> > anything along this line is fine. However, I believe
                > > the Buddha didn't
                > > intend it to be dogmatic
                >
                >For one thing, he must have been quite aware that not
                >everyone is able to live on only 25% of his or her
                >gross income. I never could, and I don't feel too
                >sorry for being unable to follow the letter of his
                >advice.

                I agree.

                The reason why I am interested in these matters, is that I am writing a
                book (in Norwegian) on Buddhism from a humanist perspective, and I find it
                useful to have some stories to illustrate that the Buddha also showed a
                concern for the daily life and economics of ordinary lay people.

                I do not recommend that anyone should take these stories dogmatically. What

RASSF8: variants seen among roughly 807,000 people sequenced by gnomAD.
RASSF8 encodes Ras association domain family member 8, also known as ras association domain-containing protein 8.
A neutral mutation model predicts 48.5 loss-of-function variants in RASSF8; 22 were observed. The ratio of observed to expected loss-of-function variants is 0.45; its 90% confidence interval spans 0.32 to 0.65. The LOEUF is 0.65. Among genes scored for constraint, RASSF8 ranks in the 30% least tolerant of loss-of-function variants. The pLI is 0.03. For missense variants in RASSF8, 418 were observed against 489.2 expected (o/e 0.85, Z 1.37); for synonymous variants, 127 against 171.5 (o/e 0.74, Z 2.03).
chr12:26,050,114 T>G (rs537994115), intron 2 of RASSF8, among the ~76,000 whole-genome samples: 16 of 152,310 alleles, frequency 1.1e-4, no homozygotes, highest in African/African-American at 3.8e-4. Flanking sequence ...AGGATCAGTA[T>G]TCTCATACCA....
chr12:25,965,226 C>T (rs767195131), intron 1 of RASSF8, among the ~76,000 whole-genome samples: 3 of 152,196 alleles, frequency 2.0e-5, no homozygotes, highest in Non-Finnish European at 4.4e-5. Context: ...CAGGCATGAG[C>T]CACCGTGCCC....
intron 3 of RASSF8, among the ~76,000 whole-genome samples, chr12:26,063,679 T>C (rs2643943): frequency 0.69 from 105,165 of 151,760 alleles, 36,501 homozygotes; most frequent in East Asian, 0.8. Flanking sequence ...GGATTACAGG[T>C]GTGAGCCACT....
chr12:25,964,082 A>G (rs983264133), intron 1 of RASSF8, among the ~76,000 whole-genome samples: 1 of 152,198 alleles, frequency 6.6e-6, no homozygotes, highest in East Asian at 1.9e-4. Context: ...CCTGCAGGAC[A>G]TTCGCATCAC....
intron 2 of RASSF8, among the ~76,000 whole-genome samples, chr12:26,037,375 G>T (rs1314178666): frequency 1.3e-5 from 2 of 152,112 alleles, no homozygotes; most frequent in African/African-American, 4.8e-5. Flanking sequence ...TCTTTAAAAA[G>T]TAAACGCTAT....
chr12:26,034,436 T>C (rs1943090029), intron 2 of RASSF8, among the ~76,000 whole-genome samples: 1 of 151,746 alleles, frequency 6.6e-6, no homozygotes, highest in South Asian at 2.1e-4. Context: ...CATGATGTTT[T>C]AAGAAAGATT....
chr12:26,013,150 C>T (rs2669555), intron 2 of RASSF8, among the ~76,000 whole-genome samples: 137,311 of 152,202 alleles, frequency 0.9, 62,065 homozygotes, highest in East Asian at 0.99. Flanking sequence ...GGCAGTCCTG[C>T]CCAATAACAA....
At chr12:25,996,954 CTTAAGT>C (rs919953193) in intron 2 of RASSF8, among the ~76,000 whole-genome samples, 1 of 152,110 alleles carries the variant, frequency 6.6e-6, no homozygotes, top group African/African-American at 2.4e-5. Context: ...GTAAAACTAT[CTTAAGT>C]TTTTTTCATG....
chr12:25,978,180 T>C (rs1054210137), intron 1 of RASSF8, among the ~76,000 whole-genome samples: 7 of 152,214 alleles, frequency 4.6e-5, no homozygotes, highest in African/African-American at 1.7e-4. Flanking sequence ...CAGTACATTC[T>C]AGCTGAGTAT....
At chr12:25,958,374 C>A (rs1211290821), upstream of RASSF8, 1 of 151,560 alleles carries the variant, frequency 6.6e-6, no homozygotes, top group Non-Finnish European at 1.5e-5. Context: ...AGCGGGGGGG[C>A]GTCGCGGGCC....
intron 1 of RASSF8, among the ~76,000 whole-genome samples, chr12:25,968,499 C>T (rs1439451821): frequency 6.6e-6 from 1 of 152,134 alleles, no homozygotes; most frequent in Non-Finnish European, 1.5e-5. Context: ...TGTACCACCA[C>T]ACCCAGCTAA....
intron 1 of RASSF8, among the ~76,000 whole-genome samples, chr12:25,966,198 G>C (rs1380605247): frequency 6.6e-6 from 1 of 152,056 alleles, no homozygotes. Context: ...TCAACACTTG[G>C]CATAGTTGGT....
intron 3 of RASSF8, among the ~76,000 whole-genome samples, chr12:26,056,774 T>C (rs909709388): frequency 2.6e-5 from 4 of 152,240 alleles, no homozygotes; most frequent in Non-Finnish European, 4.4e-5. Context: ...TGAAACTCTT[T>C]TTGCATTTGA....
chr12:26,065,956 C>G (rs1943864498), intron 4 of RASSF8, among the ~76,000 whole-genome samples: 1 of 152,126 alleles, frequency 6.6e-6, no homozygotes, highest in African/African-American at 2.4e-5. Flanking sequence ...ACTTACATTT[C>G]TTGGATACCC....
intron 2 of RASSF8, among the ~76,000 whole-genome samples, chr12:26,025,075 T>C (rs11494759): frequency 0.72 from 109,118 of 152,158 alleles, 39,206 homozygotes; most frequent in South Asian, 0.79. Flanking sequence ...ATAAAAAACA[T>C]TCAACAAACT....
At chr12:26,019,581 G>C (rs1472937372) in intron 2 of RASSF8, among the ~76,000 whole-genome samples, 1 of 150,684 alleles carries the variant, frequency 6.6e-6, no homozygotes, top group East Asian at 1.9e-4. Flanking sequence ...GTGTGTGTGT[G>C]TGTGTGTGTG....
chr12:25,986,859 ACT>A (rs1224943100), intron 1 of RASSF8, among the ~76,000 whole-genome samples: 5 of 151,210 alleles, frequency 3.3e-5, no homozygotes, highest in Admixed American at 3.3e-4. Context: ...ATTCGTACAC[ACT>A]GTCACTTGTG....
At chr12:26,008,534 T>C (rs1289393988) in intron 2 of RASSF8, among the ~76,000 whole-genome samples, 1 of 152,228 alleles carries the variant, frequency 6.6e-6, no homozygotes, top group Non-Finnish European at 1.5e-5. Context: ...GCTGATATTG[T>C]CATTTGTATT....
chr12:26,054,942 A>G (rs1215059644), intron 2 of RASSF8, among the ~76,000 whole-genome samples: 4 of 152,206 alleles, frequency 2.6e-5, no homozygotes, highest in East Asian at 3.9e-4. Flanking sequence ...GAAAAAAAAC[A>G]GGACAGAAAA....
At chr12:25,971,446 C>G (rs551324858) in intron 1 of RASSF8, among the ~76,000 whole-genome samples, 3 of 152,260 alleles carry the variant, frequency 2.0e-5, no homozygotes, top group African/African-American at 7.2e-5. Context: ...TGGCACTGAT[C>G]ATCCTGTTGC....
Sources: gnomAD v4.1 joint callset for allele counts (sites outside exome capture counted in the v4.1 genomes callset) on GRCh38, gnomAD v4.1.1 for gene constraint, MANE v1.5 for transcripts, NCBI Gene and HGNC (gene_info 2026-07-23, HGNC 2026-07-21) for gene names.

they show, however, is that from a Buddhist point of view lay persons can
                pursue their carreers and earn money with a good conscience, provided they
                earn their money in a rightful way, spend their earnings wisely and also
                use them to help others.

                I found that there are several small dialogues in the AN that illustrate
                this, and I think I'll use the one in DN 69 (IV, VII, 62). But I am
                thankful for the suggestions I got. They pointed me in the right direction.

                Yours,

                Kåre A. Lie
                http://www.lienet.no/

                THESAURUS (n.): An ancient reptile with
                an excellent vocabulary.
              • "Kåre A. Lie"